Student entrepreneur group unveils results of summer program

Diego Cruz

UT student entrepreneurs presented the results of their eight-week-long summer business-building program at the Austin Technology Incubator on Tuesday.

The Student Entrepreneurship Acceleration and Launch is a program that gives entrepreneur groups connected to the UT community a chance to figure out what milestones need to be reached for their business plans to succeed, said Austin Technology Incubator assistant director Kyle Cox.

The incubator is part of the research arm of the University and has hosted this program for the past three years to provide entrepreneurial groups with industry mentors that act as advisers as well as a work environment within the incubator, Cox said.

“We give them a taste of the real world,” he said.

Of the five teams hosted this summer, three decided to go ahead with their idea, one decided to defer a decision until a future date and another decided not to continue their project.

Vecturalux was among the groups that decided to go forward, designing a project called ParaLux to deal with increasing bandwidth strain on wireless networks by increasing the effectiveness of signal detection in fiber-optic cables, said Vecturalux chief commercial officer and business administration graduate student Matthew Clayton.

“We will be able to provide a superior product and remain competitive in price,” Clayton said.

PHeir Health decided against continuing their project because it wouldn’t have been competitive with similar companies. They developed mobile medication administration software designed to oversee nurses and help reduce medication errors at nursing homes, which result in 30,000 injuries and 25,000 deaths annually, said team member and business administration graduate student Sidney Allen. However, they realized their product was not unique and would cost too much while generating too little profit, said team member Thomas Allen.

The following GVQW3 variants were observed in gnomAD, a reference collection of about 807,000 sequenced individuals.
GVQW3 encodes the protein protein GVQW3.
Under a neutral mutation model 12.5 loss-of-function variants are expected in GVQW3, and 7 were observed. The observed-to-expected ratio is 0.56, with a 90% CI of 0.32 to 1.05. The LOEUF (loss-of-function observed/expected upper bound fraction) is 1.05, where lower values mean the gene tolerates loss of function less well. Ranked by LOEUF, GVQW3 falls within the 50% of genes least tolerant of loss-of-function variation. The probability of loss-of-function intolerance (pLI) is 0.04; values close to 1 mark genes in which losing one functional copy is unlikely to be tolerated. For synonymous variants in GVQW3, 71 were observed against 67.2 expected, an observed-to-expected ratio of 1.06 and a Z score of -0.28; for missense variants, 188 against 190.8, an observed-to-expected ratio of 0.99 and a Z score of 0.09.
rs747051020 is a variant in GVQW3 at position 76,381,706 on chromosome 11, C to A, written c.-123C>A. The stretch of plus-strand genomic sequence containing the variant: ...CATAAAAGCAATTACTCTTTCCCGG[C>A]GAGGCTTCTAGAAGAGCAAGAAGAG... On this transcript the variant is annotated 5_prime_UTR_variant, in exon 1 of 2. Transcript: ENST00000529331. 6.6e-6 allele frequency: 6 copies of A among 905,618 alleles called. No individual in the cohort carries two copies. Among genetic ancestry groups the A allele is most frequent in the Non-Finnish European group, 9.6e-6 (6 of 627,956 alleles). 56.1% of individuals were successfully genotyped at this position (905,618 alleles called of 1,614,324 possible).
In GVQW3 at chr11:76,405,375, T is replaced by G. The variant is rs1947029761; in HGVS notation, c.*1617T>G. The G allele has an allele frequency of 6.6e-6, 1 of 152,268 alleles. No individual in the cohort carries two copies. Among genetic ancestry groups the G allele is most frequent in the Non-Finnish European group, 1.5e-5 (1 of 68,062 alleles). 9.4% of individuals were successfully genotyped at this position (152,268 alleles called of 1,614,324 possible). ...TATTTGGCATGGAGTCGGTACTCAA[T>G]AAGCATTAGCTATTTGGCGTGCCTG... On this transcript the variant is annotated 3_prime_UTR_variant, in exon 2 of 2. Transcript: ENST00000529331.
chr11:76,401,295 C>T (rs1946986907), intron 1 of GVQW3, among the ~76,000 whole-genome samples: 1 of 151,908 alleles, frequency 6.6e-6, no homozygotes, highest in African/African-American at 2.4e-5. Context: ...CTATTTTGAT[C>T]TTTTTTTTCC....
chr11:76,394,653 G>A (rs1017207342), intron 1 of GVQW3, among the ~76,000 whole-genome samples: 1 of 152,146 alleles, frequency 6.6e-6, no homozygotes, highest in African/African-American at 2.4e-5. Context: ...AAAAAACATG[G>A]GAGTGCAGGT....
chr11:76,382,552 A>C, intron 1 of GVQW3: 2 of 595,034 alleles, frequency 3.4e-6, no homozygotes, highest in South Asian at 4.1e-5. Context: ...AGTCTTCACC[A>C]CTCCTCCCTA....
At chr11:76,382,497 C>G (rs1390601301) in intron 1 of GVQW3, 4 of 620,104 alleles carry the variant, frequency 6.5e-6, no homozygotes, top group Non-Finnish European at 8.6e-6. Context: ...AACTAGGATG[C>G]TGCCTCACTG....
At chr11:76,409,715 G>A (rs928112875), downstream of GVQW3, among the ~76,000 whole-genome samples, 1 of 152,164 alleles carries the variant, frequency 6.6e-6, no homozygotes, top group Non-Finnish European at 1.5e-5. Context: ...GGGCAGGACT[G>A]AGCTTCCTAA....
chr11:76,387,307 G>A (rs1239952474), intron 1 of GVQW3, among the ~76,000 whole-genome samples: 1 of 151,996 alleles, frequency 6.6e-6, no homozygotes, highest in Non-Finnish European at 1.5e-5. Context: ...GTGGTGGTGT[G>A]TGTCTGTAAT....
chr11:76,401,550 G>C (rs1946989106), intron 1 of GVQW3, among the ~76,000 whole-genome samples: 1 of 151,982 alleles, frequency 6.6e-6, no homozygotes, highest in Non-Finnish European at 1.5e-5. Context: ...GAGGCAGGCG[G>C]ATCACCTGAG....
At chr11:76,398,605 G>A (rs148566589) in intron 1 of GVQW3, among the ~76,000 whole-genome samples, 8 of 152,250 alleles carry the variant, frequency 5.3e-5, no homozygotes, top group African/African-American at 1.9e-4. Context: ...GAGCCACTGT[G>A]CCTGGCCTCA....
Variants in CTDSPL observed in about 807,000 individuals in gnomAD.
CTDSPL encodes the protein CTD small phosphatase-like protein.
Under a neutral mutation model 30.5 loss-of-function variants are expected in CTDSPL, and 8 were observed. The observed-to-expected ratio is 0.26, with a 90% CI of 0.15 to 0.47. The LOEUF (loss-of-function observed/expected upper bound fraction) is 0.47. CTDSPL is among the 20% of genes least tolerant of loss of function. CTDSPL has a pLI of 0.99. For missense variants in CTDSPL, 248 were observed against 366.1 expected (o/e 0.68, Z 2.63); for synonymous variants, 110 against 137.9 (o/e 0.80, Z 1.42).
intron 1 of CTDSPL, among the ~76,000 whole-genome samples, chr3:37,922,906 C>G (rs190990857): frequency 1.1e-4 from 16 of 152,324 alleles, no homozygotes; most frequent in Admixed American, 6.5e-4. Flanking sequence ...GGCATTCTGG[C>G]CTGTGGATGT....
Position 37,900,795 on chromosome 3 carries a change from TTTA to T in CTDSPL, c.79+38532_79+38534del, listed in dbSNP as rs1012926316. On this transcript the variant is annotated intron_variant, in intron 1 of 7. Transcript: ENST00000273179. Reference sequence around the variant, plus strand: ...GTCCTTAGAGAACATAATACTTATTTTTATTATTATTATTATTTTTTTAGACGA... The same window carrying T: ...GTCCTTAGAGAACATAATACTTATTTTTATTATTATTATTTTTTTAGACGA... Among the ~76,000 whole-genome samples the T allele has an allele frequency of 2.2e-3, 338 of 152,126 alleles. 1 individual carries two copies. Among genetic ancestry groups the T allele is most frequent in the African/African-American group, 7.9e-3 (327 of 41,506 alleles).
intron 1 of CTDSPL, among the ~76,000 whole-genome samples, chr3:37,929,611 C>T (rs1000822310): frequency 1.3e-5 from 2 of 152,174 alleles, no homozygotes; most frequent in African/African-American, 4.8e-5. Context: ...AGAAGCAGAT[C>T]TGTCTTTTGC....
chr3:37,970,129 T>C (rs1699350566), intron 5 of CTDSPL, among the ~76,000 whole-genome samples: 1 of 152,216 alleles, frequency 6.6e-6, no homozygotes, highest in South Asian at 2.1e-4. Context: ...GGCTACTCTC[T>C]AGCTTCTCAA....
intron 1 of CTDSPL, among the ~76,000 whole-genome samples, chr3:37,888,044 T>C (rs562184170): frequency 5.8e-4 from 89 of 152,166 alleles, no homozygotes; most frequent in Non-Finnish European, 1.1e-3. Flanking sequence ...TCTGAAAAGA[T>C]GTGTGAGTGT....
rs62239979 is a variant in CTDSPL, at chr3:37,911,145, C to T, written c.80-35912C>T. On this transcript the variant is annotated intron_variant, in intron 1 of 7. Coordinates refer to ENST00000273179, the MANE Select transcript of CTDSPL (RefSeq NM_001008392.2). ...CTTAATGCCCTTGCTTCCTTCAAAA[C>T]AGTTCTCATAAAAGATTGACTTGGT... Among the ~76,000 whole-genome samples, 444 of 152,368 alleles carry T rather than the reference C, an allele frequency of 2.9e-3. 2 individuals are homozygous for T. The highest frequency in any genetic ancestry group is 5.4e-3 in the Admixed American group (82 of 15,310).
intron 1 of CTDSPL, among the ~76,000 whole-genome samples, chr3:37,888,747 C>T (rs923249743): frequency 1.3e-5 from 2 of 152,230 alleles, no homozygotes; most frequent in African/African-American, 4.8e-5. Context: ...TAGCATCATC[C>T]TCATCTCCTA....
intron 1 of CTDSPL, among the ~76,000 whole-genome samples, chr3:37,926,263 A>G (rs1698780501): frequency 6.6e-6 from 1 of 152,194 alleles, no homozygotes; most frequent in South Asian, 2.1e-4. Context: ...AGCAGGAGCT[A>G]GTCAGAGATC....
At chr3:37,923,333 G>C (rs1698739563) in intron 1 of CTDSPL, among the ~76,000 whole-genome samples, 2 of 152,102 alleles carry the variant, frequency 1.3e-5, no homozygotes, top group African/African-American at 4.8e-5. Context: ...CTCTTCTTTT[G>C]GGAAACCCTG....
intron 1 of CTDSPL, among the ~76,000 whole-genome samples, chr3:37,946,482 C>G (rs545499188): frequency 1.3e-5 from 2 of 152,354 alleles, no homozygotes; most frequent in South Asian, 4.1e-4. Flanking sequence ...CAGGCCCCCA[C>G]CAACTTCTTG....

Starting a company while being a student is a unique opportunity that needs to be taken advantage of, said Q Beck, co-founder of Famigo, a company that has continued to operate after participating in a different incubator program in 2009.

Beck said students can receive a lot of help from people in the industry and can afford to be bolder in their enterprises because people in the industry won’t be too harsh on them.

He said that if students were committed to their projects and took advantage of any offer, then building a company would be better than accepting a job.

“Be in it for the long haul. It’s a long road but it’s great,” Beck said.